Farewell, Time Warner Cable; Nobody Is Going To Miss You

Image courtesy of Photo Nut 2011

The most-loathed company in all of America is soon to be no more. With the merger of Charter and Time Warner Cable approved and under way, the widely-detested TWC brand is soon to be up on the chopping block.

As Bloomberg reports, the three-way megadeal in which Charter will be purchasing TWC and Bright House Networks officially closes today, and that means the beginning of the end for all the brands involved that aren’t Charter.

A company spokesman confirmed to Bloomberg that the New Charter will be phasing out the TWC and Bright House names over time, bringing all 24 million of the giant company’s new customers in-house under the Charter Spectrum umbrella.

“While Time Warner Cable and Bright House Networks customers will not see any immediate change, the company will be called Charter and the products and services will be marketed under the ‘Spectrum’ brand,” the spokesman told Bloomberg in an e-mail.

It’s pretty common for mergers to unite all their formerly-disparate brands under one name. AT&T, for example, is slowly killing off the DirecTV and Uverse product names in favor of a unified front. Likewise, airline mergers of recent years have seen new behemoths keeping one name (United) and one logo (Continental) for a hybrid approach, or just keeping the better-liked name (American) and encouraging us to forget the old one (US Airways).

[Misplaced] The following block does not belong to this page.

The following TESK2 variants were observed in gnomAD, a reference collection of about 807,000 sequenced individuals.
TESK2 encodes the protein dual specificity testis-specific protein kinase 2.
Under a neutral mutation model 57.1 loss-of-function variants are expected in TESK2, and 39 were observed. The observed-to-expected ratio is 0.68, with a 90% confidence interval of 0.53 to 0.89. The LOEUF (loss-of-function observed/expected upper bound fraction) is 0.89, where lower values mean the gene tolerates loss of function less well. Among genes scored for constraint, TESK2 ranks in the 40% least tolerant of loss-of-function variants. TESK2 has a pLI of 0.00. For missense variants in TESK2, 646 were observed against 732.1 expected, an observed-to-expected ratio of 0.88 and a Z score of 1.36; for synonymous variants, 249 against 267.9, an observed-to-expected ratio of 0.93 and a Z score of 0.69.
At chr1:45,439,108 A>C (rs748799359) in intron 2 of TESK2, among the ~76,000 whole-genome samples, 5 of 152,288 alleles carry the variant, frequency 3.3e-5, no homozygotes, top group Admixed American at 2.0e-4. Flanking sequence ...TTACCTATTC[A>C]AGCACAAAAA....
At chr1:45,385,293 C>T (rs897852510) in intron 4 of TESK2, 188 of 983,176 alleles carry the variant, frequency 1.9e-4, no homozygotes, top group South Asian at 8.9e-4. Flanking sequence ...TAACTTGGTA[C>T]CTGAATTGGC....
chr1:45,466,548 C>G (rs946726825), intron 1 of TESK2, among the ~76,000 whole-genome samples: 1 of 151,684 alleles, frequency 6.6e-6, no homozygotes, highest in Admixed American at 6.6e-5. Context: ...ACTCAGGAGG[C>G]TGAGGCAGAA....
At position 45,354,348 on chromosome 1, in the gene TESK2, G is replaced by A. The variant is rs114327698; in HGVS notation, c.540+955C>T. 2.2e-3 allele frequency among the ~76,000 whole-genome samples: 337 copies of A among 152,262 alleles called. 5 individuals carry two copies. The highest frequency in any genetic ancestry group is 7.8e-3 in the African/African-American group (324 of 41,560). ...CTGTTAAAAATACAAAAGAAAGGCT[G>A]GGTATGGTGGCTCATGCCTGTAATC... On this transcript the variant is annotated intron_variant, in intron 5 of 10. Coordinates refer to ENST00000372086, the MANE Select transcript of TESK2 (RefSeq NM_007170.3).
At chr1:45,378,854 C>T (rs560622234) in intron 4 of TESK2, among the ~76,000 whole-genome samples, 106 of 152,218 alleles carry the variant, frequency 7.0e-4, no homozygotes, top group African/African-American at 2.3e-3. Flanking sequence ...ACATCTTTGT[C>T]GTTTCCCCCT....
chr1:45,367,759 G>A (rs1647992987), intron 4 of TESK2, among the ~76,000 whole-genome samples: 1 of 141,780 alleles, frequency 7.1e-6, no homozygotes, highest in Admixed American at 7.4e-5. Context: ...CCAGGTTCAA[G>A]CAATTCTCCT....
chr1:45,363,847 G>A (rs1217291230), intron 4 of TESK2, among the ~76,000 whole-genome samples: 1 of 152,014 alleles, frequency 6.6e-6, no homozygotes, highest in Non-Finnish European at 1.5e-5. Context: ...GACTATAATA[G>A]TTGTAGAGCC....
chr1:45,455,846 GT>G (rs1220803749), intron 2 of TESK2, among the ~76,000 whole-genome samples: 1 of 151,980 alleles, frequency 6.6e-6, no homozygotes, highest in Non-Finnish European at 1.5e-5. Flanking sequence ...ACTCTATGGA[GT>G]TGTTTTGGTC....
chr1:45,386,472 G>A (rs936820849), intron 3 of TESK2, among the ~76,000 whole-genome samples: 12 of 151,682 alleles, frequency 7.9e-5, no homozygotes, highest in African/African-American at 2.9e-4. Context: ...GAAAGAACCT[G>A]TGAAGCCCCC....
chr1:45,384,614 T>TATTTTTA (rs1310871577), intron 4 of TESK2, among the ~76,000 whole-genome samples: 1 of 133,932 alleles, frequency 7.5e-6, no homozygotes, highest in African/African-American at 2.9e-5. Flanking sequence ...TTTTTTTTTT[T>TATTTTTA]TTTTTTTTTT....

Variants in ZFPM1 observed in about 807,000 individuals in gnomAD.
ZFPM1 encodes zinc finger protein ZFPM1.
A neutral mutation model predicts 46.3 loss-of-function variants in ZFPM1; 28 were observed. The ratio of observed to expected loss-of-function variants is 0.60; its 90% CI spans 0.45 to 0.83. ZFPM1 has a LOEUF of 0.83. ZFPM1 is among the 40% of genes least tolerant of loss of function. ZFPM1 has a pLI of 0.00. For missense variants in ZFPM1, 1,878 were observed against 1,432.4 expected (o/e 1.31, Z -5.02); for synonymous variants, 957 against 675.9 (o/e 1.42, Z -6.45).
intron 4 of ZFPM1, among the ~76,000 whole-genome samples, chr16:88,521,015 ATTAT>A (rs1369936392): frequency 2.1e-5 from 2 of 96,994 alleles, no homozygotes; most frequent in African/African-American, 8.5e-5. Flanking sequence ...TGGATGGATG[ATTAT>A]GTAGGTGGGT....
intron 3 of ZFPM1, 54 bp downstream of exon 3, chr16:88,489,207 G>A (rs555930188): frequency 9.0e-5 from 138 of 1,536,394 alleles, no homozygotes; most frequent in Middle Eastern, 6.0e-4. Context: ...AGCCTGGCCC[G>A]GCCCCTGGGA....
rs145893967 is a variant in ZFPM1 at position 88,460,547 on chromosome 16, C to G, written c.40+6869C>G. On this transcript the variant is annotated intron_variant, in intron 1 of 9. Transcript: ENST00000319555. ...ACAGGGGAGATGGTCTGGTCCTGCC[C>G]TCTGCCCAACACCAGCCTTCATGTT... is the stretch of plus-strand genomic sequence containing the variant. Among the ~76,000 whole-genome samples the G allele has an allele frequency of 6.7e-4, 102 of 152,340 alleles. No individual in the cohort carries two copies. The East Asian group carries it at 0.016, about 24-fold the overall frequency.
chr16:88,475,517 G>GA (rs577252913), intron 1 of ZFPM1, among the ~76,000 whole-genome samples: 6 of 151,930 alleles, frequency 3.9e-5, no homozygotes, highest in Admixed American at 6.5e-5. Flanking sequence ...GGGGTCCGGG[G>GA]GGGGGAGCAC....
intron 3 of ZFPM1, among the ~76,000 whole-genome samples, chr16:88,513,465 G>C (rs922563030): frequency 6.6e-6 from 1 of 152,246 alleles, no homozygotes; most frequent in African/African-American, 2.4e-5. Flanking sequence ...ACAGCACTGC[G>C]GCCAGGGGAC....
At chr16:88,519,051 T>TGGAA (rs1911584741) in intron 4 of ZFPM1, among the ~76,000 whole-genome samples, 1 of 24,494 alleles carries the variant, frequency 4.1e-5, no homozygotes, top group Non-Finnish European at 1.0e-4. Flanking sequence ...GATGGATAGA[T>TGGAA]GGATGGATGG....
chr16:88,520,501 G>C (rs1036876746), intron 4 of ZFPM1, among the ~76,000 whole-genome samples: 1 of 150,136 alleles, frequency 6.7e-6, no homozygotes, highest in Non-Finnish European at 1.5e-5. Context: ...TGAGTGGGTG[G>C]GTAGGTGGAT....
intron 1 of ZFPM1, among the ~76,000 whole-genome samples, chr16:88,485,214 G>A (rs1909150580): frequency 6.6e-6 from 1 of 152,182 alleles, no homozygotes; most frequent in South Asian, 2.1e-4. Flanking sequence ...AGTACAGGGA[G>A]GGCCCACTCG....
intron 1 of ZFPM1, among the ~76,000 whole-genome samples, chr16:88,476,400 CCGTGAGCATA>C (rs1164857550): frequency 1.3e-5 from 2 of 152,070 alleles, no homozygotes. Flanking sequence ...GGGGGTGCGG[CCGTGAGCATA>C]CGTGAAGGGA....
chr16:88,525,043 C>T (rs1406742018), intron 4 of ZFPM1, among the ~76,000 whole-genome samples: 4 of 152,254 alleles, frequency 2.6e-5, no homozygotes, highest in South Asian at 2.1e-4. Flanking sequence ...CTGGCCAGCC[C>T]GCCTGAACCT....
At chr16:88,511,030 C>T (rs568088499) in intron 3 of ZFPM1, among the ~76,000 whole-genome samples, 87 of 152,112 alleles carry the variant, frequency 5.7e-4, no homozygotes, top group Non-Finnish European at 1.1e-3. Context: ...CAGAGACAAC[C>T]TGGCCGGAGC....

And really, ditching the TWC name might be the best, easiest thing Charter can do to start making a good impression on the pile of new customers they’re inheriting. TWC is vastly, enormously unpopular. Not only are they among the most-hated TV/broadband companies, but also they are in fact the worst-rated company in the country, in any industry.

It’s not new, either: Time Warner Cable has been performing at the back of the pack, or even dead last, for several years running.

That said, TWC customers probably shouldn’t hold their breath waiting for everything to get better just yet. Upgrading infrastructure, training employees, and learning how not to completely suck at customer service are all long-term, hard-to-make changes.

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